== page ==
On the heights, Major Sylvester Hewitt rallied the remaining units and assumed a new position.  Despite this, he received orders from Ford at 3:30 PM to retreat back across the river even though 900 men from the 115th New York remained in reserve.  As McLaws' men struggled to take Maryland Heights, Jackson and Walker's men arrived in the area.

 In Harpers Ferry, Miles' subordinates quickly realized that the garrison was surrounded and implored their commander to mount a counterattack on Maryland Heights.  Believing that holding Bolivar Heights was all that was necessary, Miles refused.  That night, he dispatched Captain Charles Russell and nine men from the 1st Maryland Cavalry to inform McClellan of the situation and that he could only hold out for forty-eight hours.  Receiving this message, the McClellan directed VI Corps to move to relieve the garrison and sent multiple messages to Miles informing him that aid was coming.  These failed to arrive in time to influence events.

The Garrison Falls

The next day, Jackson commenced emplacing guns on Maryland Heights while Walker did the same on Loudoun.  While Lee and McClellan fought to the east at the ​​​Battle of South Mountain, Walker's guns opened fire on Miles' positions around 1:00 PM.  Later that afternoon, Jackson directed Major General A.P. Hill to move along the west bank of the Shenandoah to threat Union left on Bolivar Heights.  As night fell, Union officers in Harpers Ferry knew that the end was approaching but remained unable to convince Miles to attack Maryland Heights.  Had they moved forward, they would have found the heights guarded by a single regiment as McLaws had withdrawn the bulk of his command to aid in blunting VI Corps advance at Crampton's Gap.  That night, against Miles' wishes, Colonel Benjamin Davis led 1,400 cavalrymen in a breakout attempt.  Crossing the Potomac, they slipped around Maryland Heights and rode north.  In the course of their escape, they captured one of Longstreet's reserve ordnance trains and escorted it north to Greencastle, PA.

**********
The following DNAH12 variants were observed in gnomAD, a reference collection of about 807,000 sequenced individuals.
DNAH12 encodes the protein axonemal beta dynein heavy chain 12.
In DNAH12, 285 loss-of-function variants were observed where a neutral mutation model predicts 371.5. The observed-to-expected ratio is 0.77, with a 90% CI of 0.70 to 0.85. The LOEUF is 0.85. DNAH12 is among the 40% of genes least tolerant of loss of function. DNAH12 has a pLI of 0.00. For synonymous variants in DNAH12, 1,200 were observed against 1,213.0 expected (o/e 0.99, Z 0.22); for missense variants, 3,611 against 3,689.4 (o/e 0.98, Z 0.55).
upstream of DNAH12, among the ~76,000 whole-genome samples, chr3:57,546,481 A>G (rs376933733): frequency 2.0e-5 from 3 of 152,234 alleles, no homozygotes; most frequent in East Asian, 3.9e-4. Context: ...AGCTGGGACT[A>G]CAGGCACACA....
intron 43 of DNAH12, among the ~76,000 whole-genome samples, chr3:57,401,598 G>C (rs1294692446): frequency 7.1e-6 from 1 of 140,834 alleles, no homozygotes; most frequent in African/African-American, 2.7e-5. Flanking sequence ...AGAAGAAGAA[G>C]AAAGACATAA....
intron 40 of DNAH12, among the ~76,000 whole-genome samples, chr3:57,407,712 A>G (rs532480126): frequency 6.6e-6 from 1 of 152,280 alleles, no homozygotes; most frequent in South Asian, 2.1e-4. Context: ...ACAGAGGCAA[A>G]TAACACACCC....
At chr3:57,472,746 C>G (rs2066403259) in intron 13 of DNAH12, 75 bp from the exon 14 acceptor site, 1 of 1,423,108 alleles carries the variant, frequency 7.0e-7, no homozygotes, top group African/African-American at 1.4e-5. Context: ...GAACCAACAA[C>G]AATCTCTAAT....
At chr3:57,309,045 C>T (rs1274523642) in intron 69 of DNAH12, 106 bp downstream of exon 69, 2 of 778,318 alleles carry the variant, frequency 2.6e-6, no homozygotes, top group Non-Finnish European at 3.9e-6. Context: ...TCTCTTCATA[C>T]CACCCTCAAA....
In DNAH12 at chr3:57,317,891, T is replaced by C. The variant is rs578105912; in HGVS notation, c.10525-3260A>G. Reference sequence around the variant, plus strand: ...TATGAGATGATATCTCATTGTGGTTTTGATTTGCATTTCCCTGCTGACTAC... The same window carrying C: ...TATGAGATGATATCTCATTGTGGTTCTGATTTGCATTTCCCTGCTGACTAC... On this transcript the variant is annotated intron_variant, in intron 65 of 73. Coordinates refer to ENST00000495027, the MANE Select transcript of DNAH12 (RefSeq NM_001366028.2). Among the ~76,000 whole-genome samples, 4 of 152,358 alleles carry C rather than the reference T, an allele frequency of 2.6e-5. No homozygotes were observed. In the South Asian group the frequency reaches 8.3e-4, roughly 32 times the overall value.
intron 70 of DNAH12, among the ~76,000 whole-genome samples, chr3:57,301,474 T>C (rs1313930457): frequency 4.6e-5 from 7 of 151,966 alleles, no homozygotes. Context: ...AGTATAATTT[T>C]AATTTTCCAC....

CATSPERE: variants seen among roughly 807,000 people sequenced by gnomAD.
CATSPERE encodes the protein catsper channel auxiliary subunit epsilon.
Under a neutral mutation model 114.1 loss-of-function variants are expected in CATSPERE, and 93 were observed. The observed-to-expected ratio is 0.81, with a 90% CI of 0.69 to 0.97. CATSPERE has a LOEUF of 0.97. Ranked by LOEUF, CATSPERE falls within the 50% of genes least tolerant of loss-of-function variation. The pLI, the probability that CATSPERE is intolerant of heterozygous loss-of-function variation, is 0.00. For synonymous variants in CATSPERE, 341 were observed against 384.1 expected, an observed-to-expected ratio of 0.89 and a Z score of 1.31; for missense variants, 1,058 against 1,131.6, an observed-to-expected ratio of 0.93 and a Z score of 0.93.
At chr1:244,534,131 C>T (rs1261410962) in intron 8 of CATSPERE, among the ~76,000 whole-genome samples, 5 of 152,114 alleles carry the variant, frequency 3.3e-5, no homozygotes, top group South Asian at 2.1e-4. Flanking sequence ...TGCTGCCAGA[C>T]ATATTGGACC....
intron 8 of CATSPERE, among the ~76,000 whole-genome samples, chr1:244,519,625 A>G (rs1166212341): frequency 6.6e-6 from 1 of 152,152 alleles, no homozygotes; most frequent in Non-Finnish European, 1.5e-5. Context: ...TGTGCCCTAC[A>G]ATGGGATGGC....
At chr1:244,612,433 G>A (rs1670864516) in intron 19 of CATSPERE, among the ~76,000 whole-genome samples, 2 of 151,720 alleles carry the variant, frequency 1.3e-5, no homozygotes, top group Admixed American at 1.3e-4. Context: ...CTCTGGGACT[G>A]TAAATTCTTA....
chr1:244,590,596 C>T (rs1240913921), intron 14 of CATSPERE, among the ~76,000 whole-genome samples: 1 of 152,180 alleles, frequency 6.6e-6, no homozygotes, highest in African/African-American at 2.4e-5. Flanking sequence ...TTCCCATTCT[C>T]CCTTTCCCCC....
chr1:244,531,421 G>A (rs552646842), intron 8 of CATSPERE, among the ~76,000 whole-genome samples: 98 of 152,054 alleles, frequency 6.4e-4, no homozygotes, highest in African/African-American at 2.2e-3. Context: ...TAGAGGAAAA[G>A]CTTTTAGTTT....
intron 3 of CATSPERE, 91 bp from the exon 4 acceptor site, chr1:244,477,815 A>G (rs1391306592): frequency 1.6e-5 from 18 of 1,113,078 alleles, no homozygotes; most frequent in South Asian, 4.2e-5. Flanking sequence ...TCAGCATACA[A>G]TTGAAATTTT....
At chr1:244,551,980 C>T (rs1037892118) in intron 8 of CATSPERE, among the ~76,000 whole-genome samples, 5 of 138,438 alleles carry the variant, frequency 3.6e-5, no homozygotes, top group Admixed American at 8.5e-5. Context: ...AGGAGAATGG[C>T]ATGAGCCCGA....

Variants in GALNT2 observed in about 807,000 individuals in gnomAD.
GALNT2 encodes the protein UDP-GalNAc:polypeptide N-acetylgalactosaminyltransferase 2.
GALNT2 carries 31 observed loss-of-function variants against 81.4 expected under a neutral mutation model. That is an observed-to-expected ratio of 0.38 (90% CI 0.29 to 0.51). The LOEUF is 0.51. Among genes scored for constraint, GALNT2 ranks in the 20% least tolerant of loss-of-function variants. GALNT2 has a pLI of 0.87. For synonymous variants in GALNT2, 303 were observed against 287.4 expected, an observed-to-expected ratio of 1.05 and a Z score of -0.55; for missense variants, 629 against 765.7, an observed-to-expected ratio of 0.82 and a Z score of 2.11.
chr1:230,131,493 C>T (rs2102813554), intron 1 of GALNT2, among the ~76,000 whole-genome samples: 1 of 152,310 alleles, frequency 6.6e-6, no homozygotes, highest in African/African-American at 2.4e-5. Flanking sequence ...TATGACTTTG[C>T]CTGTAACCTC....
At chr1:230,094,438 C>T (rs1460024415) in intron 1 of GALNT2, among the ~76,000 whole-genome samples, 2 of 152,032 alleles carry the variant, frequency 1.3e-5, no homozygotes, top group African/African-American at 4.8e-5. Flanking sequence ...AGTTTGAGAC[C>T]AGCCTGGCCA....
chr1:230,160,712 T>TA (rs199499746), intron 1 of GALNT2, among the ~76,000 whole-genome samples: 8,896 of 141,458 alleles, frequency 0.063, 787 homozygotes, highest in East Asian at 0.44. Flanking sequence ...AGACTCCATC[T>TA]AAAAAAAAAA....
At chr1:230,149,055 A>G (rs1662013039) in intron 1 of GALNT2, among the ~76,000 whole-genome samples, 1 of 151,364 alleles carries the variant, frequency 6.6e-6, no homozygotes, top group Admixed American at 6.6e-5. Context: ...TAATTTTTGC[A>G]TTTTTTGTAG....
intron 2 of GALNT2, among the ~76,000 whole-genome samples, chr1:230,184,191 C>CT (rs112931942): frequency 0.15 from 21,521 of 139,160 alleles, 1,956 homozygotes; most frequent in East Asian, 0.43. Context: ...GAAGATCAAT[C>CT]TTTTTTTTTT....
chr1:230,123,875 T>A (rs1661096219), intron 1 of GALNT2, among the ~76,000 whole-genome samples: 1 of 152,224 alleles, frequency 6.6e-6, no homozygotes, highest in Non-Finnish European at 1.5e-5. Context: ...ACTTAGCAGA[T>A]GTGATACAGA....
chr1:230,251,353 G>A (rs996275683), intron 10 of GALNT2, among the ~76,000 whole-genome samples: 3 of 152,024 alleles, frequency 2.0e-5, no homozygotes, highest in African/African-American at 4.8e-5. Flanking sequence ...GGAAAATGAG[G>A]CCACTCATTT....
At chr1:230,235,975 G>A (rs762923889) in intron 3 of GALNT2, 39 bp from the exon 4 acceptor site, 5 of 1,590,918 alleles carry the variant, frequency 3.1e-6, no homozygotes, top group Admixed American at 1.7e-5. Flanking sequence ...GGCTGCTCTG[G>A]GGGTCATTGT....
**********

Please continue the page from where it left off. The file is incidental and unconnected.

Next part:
As dawn rose on September 15, Jackson had moved around 50 guns into position on the heights opposite Harpers Ferry.  Opening fire, his artillery struck Miles' rear and flanks on Bolivar Heights and preparations commenced for an assault at 8:00 AM.  Believing the situation hopeless and unaware that relief was en route, Miles met with his brigade commanders and made the decision to surrender.

  This was met with some hostility from a number of his officers who demanded the opportunity to fight their way out.  After arguing with a captain from the 126th New York, Miles was struck in the leg by a Confederate shell.  Falling, he had so angered his subordinates that it initially proved difficult to find someone to carry him to the hospital.  Following Miles' wounding, Union forces moved forward with the surrender.

Aftermath

The Battle of Harpers Ferry saw the Confederates sustain 39 killed and 247 wounded while Union losses totaled 44 killed, 173 wounded, and 12,419 captured.  In addition, 73 guns were lost.    The capture of the Harpers Ferry garrison represented the Union Army's largest surrender of the war and the US Army's largest until the fall of Bataan in 1942.  Miles died from his wounds on September 16 and never had to face the consequences for his performance.  Occupying the town, Jackson's men took possession of a large volume of Union supplies and the arsenal.  Later that afternoon, he received urgent word from Lee to rejoin the main army at Sharpsburg.  Leaving Hill's men to parole the Union prisoners, Jackson's troops marched north where they would play a key role in the Battle of Antietam on September 17.

Armies & Commanders

Union

  • Colonel Dixon S. Miles
  • approx. 14,000 men

Confederate

  • Major General Thomas "Stonewall" Jackson
  • approx. 21,000-26,000 men